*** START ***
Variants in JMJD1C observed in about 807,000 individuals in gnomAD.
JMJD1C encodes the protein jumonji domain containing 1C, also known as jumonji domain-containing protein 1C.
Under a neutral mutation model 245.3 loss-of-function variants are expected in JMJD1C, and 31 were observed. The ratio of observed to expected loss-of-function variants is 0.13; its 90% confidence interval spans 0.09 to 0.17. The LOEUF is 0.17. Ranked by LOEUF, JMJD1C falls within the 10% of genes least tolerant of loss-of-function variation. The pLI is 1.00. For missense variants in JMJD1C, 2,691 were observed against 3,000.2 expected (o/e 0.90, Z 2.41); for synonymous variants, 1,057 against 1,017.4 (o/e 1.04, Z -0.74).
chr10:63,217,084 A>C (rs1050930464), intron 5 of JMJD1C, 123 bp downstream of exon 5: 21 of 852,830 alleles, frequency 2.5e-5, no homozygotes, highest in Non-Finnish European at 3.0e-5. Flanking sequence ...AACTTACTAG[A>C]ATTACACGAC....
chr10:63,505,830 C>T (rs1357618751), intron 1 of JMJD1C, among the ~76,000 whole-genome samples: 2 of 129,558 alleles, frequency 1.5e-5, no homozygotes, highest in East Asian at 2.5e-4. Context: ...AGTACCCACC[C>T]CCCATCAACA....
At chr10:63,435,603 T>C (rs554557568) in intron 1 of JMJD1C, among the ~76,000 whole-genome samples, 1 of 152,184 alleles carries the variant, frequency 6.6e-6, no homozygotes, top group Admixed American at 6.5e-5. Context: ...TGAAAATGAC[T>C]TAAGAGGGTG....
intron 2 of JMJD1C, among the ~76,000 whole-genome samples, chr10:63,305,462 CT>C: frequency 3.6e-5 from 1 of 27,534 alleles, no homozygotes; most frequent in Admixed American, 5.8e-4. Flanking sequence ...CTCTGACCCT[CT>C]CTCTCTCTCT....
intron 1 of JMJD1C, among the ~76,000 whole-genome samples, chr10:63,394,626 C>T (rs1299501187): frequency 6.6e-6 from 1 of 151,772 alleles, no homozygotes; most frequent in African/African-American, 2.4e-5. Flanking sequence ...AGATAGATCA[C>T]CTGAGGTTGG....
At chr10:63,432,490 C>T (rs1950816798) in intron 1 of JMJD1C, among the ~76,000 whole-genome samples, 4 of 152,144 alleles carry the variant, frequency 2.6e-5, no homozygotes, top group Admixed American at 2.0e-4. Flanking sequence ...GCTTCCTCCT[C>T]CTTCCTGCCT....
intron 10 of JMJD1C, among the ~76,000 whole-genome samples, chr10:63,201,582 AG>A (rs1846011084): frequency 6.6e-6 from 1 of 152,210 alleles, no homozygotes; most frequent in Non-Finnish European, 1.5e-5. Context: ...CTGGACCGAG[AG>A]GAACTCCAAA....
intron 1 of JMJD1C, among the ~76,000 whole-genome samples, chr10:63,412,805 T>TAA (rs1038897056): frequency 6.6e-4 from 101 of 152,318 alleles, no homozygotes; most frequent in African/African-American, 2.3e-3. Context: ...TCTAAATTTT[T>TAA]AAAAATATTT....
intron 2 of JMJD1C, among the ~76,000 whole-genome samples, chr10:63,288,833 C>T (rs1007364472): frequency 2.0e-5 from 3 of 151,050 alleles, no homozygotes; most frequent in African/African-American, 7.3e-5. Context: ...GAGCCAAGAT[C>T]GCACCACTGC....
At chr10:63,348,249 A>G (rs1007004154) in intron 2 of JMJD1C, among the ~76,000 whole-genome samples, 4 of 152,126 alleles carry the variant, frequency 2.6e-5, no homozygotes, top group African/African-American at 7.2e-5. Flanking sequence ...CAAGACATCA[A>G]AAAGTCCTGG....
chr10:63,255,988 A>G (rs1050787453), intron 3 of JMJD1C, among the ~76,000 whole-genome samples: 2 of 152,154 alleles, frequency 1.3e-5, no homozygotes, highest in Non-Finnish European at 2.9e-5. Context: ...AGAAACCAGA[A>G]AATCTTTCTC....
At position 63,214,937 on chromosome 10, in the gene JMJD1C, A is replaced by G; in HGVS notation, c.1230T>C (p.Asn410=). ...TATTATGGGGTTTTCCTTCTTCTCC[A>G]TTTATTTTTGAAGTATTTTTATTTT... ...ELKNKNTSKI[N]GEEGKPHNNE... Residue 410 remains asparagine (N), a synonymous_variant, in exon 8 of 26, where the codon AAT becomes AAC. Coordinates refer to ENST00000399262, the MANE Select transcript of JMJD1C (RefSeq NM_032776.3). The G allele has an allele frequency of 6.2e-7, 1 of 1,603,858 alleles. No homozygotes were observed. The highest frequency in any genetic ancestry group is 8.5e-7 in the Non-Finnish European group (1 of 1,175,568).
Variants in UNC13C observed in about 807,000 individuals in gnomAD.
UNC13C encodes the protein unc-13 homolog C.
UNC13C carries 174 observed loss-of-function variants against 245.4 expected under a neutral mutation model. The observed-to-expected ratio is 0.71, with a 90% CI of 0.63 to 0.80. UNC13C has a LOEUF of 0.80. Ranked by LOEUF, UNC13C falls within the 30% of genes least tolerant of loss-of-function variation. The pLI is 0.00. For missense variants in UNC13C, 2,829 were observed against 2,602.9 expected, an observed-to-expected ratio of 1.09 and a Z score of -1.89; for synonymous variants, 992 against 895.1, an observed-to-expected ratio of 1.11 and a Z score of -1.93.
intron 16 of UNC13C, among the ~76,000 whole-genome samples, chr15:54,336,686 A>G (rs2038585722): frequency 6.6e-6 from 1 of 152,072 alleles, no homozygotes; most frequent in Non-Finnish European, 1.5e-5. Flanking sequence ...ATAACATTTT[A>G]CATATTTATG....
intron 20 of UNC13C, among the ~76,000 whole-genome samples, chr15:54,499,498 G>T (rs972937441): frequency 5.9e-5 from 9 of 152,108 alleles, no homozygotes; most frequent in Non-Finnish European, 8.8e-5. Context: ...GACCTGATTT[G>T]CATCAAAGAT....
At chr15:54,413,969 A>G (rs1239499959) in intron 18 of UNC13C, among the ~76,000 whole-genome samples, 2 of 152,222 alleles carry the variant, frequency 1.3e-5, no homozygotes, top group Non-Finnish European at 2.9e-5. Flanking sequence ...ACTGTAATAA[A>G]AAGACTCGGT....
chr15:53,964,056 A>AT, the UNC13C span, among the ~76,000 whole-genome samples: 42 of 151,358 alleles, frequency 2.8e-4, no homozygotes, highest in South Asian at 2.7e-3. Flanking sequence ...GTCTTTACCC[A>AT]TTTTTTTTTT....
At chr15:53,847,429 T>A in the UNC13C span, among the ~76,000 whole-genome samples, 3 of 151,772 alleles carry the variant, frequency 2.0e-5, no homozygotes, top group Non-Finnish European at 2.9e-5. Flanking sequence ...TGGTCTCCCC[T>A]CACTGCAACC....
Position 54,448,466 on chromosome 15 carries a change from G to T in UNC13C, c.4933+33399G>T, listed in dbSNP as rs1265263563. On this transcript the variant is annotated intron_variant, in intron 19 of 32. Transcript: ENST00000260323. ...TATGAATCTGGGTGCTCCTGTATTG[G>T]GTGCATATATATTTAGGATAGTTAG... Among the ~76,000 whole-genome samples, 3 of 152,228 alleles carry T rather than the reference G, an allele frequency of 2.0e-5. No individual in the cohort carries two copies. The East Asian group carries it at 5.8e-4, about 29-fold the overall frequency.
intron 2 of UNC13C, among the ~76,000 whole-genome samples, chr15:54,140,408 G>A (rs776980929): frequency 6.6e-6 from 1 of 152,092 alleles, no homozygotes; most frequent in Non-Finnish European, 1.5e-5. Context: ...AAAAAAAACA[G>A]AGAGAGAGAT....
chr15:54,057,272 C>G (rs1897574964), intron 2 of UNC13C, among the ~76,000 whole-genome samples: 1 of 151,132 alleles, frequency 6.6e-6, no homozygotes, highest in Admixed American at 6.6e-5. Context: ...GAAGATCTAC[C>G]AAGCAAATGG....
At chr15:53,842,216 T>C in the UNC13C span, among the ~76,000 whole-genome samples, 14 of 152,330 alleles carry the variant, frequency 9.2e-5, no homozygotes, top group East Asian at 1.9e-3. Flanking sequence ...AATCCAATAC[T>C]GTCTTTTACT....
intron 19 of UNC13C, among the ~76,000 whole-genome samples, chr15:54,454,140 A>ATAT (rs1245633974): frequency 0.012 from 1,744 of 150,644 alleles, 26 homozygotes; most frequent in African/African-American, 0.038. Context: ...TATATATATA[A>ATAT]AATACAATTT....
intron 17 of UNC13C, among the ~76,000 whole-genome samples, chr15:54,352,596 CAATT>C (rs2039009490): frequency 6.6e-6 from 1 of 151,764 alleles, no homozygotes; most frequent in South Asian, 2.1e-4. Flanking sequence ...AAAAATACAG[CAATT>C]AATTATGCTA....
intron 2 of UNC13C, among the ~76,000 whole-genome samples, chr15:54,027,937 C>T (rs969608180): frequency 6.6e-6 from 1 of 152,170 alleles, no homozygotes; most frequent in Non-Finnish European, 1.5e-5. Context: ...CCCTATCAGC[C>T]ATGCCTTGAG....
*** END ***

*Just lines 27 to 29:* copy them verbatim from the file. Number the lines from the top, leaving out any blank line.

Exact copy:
At chr15:53,842,216 T>C in the UNC13C span, among the ~76,000 whole-genome samples, 14 of 152,330 alleles carry the variant, frequency 9.2e-5, no homozygotes, top group East Asian at 1.9e-3. Flanking sequence ...AATCCAATAC[T>C]GTCTTTTACT....
intron 19 of UNC13C, among the ~76,000 whole-genome samples, chr15:54,454,140 A>ATAT (rs1245633974): frequency 0.012 from 1,744 of 150,644 alleles, 26 homozygotes; most frequent in African/African-American, 0.038. Context: ...TATATATATA[A>ATAT]AATACAATTT....
intron 17 of UNC13C, among the ~76,000 whole-genome samples, chr15:54,352,596 CAATT>C (rs2039009490): frequency 6.6e-6 from 1 of 151,764 alleles, no homozygotes; most frequent in South Asian, 2.1e-4. Flanking sequence ...AAAAATACAG[CAATT>C]AATTATGCTA....